2017 was a watershed year for women; whether it was the impactful Women’s March or the #MeToo social media campaign, women across the globe sparked critical discussion about their personal rights and society’s continued tendency toward misogynistic behavior.
As analysts and scholars examine the implications of these movements, Dr. Carol Liao – an assistant professor at the Peter A. Allard School of Law and UBC Sauder Distinguished Scholar at the Peter P. Dhillon Centre for Business Ethics – encourages taking a step back and reviewing the characteristics that underpin today’s global concentration of power.
“One cannot deny that business, power, and capital are all intertwined in our capitalism system,” says Dr. Liao. “According to the World Bank, women represent 40% of the world’s labor force but hold just 1% of the world’s wealth. If power and capital are intertwined, what does holding 1% of the world’s capital signify in terms of power?”
Liao – who has authored a number of articles related to feminist legal theory – argues that this disproportionate level of power and the pervasive gendered norms present within the structure of corporate law not only play out in corporate cultures, but also impede the progression of women to higher levels of power in business.
In Canada, the picture is grim and the lack of inclusivity is layered. Liao demonstrates this by citing the top 700 Toronto Stock Exchange-listed Canadian companies; almost half of them have all-male boards, with women holding just 12% of the total board seats. Virtually all of these women are white.
Dr. Liao believes that feminist legal theory, which at its heart harbors the notions of equality and an ethic of care, can work towards rectifying this lop-sided system and instituting a corporate culture that works for all. It critiques the disproportionately negative effect corporate power has had on women, particularly those in third-world countries. However, owing to the range of topics that feminist legal theory addresses, Liao believes feminism in corporate law does not benefit women alone.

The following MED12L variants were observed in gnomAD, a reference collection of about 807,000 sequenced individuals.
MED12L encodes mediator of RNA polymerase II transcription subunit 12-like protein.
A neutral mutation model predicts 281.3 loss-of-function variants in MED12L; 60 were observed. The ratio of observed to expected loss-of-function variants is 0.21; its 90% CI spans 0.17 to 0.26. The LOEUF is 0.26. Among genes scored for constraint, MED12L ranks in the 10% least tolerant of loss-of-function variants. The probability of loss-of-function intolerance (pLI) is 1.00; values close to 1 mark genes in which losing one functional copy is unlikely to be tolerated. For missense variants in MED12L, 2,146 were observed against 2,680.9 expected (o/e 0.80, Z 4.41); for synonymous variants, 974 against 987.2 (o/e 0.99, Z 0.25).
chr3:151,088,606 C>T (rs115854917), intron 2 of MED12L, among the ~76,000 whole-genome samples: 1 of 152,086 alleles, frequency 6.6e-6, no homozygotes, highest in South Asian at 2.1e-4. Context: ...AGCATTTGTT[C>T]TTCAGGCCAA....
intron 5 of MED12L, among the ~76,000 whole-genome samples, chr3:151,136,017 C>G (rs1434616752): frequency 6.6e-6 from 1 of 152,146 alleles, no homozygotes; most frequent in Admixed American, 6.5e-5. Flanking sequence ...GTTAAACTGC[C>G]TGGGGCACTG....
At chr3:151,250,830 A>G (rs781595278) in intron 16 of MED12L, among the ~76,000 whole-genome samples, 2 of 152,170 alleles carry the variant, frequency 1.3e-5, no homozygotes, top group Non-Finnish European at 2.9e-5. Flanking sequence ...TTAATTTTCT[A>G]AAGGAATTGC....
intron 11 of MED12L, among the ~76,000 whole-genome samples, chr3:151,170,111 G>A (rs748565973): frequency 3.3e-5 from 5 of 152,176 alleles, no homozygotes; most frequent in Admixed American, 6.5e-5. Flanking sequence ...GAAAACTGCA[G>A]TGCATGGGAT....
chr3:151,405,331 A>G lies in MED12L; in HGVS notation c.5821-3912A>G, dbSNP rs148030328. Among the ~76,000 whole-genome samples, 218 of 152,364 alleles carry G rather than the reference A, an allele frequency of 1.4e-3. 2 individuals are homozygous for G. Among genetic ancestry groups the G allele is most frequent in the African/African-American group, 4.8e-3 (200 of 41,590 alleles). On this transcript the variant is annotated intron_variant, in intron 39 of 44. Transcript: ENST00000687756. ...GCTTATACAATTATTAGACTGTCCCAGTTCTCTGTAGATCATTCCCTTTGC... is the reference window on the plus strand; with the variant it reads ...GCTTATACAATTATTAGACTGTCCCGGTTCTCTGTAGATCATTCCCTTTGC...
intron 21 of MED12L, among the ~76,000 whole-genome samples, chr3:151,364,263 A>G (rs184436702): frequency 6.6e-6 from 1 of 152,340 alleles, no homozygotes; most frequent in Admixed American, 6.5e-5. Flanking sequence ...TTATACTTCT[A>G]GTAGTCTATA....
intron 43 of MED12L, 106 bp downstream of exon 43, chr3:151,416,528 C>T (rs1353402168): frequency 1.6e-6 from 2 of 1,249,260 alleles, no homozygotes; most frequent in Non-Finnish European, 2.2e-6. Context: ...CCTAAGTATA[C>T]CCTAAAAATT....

“Feminism is diverse…in the context of corporate law, it challenges shareholder primacy and the myopic focus on short-term profit to the detriment of long-term value,” she explains. “Feminist legal theory offers a reminder that boards must consider not just shareholders in their corporate decision-making, but also employees, creditors, consumers, government, local communities and the environment.”
So, what can companies learn from the events of 2017? And importantly, how can legal theory translate into action and create an indiscriminate corporate ecosystem? At the outset, Dr. Liao proposes that companies make a conscious effort to hire and advance women in management and elect more women on boards.
“We need policies that unequivocally support gender equality, diversity and exhibit zero-tolerance for sexual harassment and retaliation against whistle-blowers. Management should publicly support these polices and continually recognize and challenge the patriarchal norms and implicit biases,” explains Dr. Liao.
While there has been a certain awakening to these issues over the past year, Dr. Liao recognizes that there’s still a level of caution attached. “Progress has been slow and at the prevailing rate, gender parity is not going to be reached in my children’s lifetime.”
Progress is slow; however, Dr. Liao’s work shows critical topics are finding their way into discussions and debates amongst the next generation of business thought-leaders.